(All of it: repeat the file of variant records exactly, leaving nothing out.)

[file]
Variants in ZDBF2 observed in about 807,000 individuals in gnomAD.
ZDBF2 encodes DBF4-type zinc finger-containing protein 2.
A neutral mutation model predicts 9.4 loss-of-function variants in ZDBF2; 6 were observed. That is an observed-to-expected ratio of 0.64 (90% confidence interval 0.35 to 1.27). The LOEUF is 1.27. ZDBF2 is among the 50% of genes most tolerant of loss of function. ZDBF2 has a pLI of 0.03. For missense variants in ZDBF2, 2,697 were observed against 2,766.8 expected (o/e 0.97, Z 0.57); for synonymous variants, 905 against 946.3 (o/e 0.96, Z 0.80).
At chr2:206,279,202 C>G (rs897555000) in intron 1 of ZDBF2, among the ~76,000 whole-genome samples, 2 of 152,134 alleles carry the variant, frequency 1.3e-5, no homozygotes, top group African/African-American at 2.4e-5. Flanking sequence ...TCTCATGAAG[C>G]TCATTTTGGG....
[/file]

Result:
Variants in ZDBF2 observed in about 807,000 individuals in gnomAD.
ZDBF2 encodes DBF4-type zinc finger-containing protein 2.
A neutral mutation model predicts 9.4 loss-of-function variants in ZDBF2; 6 were observed. That is an observed-to-expected ratio of 0.64 (90% confidence interval 0.35 to 1.27). The LOEUF is 1.27. ZDBF2 is among the 50% of genes most tolerant of loss of function. ZDBF2 has a pLI of 0.03. For missense variants in ZDBF2, 2,697 were observed against 2,766.8 expected (o/e 0.97, Z 0.57); for synonymous variants, 905 against 946.3 (o/e 0.96, Z 0.80).
At chr2:206,279,202 C>G (rs897555000) in intron 1 of ZDBF2, among the ~76,000 whole-genome samples, 2 of 152,134 alleles carry the variant, frequency 1.3e-5, no homozygotes, top group African/African-American at 2.4e-5. Flanking sequence ...TCTCATGAAG[C>G]TCATTTTGGG....